'Bank theft scam run from an 'Aladdin's cave', court told
A plot to steal millions from high street banks was run from an "Aladdin's cave" of documents and electronic equipment, a court has heard.
Lanre Mullins-Abudu, 25, of Putney, south west London, denies conspiracy to steal £1.25m from Barclays via a device attached to a bank manager's computer.
The jury heard the money was transferred from six accounts of the Swiss Cottage branch in April.
Police found the evidence when a London property was raided last year.
Barclays employee Duane Jean-Jacques, 25, of Belsize Road, north-west London, was the "inside man", prosecutor Simon Farrell QC told Southwark Crown Court.
Mr Farrell said Mr Jean-Jacques enabled a KVM (keyboard video monitoring) device in a black box to be attached to the branch manager's computer.
"KVM can be used to provide unauthorised remote access to a computer within a high street bank," the prosecutor said.
"The criminals were able to gain access to the main framework of the bank's network of accounts, allowing them to transfer money to other or mule accounts."
Some 128 separate transfers, all under £10,000, were made from six high-value accounts, including those belonging to London Metropolitan University and the University of Portsmouth.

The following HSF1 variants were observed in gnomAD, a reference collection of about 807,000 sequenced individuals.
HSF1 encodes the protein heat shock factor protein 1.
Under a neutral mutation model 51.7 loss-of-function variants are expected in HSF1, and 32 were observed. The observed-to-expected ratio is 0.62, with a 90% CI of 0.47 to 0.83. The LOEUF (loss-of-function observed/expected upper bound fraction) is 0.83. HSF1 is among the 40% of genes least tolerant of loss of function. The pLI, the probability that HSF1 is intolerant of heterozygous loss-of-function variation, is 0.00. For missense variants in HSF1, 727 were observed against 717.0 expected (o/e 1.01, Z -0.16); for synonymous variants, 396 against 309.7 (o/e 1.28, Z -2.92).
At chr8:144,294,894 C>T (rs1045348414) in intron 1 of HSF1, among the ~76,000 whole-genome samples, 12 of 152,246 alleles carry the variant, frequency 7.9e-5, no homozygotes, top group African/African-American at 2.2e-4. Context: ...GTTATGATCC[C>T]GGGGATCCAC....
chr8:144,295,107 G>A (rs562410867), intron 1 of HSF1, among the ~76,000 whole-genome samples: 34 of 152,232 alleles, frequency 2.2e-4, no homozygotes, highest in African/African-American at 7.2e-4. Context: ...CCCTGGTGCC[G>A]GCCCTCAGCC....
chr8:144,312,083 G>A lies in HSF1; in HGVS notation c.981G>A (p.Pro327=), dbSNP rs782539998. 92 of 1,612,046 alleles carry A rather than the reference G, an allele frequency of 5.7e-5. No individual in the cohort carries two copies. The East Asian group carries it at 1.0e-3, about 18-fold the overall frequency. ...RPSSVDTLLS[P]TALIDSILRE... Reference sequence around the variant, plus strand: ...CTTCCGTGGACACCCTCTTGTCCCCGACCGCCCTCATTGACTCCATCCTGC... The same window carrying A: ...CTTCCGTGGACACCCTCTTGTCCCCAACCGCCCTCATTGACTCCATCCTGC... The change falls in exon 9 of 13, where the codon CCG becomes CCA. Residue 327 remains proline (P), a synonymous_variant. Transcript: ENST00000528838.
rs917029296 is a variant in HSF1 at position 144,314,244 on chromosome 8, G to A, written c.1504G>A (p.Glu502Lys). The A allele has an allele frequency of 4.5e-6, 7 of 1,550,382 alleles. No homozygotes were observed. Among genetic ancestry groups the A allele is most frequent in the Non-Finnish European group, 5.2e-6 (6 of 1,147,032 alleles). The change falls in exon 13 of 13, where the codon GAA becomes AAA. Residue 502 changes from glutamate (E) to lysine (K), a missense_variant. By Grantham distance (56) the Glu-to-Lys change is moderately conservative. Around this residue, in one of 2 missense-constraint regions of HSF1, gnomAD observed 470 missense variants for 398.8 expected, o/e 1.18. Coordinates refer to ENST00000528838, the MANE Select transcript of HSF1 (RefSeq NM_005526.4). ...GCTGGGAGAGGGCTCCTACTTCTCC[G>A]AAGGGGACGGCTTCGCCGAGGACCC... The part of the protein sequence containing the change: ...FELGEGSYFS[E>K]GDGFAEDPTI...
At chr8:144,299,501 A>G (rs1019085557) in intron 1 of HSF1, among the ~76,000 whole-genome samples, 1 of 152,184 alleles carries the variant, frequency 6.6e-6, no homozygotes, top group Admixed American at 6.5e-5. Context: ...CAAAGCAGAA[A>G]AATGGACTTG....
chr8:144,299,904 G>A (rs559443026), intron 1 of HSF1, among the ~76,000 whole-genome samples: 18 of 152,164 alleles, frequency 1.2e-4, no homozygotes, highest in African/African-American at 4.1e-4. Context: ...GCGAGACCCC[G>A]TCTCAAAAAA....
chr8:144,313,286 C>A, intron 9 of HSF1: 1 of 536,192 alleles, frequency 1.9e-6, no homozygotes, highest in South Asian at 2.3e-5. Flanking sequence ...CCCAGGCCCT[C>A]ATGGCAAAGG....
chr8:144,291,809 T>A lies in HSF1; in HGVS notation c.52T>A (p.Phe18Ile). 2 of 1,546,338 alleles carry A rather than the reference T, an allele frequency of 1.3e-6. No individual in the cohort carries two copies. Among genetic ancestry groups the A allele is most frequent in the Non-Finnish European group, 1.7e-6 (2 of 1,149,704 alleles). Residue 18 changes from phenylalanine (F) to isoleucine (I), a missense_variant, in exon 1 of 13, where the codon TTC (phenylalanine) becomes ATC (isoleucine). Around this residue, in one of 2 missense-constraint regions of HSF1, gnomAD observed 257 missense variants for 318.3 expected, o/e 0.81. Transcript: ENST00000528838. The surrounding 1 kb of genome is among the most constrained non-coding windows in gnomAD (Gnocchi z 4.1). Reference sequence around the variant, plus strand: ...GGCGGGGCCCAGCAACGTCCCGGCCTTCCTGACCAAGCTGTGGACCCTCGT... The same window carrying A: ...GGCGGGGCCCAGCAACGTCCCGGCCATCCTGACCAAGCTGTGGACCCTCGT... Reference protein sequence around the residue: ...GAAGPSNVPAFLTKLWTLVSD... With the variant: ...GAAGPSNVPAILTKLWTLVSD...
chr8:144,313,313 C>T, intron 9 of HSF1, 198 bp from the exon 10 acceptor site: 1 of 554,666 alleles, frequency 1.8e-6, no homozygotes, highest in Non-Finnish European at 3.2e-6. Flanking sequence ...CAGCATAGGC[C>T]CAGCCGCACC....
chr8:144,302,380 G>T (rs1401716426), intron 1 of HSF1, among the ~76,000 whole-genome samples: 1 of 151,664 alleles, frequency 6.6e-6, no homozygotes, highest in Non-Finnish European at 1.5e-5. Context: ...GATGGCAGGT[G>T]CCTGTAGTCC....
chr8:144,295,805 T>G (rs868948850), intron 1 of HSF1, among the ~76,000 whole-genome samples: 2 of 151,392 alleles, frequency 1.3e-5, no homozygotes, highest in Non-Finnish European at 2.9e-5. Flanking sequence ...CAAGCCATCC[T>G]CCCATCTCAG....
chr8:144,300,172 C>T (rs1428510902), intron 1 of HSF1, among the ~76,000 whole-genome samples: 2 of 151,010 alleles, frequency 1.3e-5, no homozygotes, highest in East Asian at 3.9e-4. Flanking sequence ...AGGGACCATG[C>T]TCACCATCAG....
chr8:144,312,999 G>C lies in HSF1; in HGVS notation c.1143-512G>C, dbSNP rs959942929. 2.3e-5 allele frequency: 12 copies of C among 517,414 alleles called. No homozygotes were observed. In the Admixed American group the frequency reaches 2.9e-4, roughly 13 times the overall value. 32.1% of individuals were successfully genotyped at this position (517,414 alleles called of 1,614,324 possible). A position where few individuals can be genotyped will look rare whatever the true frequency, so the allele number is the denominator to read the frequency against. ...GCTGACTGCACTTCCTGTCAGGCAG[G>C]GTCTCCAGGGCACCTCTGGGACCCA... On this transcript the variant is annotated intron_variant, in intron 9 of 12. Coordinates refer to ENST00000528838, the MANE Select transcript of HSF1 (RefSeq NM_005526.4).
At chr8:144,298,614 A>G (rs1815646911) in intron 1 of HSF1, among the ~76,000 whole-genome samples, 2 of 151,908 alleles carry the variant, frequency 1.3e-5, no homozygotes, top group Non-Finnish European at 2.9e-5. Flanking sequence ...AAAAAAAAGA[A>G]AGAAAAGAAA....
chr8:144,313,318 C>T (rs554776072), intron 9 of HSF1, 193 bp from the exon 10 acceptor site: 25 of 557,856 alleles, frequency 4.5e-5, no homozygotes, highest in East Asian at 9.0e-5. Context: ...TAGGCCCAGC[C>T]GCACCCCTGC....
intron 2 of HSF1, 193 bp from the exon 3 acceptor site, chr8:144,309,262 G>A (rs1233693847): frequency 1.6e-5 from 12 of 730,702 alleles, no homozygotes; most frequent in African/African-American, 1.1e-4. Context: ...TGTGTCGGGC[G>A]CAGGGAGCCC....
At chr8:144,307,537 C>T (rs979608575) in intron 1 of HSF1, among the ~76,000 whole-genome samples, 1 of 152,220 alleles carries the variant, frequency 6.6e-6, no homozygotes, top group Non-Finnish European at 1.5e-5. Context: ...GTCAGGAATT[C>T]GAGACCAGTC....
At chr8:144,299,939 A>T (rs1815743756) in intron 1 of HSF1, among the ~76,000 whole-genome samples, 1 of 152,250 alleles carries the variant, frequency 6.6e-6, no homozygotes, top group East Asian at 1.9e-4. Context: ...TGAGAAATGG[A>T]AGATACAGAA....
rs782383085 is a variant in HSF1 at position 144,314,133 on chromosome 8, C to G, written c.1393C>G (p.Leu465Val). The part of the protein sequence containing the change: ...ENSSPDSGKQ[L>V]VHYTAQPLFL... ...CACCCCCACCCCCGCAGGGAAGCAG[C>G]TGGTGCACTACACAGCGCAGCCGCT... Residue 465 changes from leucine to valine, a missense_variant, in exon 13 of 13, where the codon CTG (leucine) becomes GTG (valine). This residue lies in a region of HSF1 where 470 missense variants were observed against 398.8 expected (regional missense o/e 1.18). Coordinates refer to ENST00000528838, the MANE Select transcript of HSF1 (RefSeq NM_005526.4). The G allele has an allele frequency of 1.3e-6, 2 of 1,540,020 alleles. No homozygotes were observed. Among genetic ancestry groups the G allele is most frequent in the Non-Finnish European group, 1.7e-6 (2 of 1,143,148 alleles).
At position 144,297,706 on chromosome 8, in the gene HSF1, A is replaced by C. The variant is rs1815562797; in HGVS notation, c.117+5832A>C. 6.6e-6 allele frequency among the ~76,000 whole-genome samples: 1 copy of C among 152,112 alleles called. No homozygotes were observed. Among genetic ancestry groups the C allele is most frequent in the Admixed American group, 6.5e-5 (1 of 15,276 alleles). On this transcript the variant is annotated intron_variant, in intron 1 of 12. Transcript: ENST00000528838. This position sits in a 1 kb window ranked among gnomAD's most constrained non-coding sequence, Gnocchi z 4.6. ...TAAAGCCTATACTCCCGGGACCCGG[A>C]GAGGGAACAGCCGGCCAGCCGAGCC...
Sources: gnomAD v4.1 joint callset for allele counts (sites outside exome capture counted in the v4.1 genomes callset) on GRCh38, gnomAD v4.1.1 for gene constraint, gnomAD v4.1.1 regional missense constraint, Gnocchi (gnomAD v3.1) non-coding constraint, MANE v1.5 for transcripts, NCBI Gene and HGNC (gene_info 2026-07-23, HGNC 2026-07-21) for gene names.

Mr Farrell said "in excess of 400,000 pieces of Royal Mail" were stolen to carry out the scam.
The jury was shown photographs of the alleged "Aladdin's cave" at a property in Seymour Street in Marylebone,
Police found it "stuffed to the rafters with material for use in credit card fraud", Mr Farrell said.
A bedroom wall in the home was said to be covered with 75 bank letters with credit cards, pin numbers and bank security questions attached.
Stolen credit cards
The home also had a box which contained "hundreds" of credit cards from UK banks, and a "sophisticated piece of machinery" involving 24 sim cards that allowed automated calls to be made to victims who believed they were being contacted by their own banks to get their pin numbers, it is alleged.
Mr Mullins-Abudu denies charges of conspiracy to commit fraud, two counts of conspiracy to steal, concealing criminal property and possession of articles for use in fraud.
Mr Jean-Jacques denies conspiring to steal from Barclays and a charge of concealing criminal property.
Others have previously admitted their role in the plot, the jury was told.
Mullins-Abudu and Akash Vaghela, 27, of Hounslow, west London, deny conspiring to steal credit balances from Santander bank in a similar scheme in September.
Steven Hannah, 52, of Marylebone, north-west London, and Lewis Murphy, 39, of Chelsea, west London, deny conspiracy to commit fraud using credit cards last year.
The trial is expected to last for five weeks.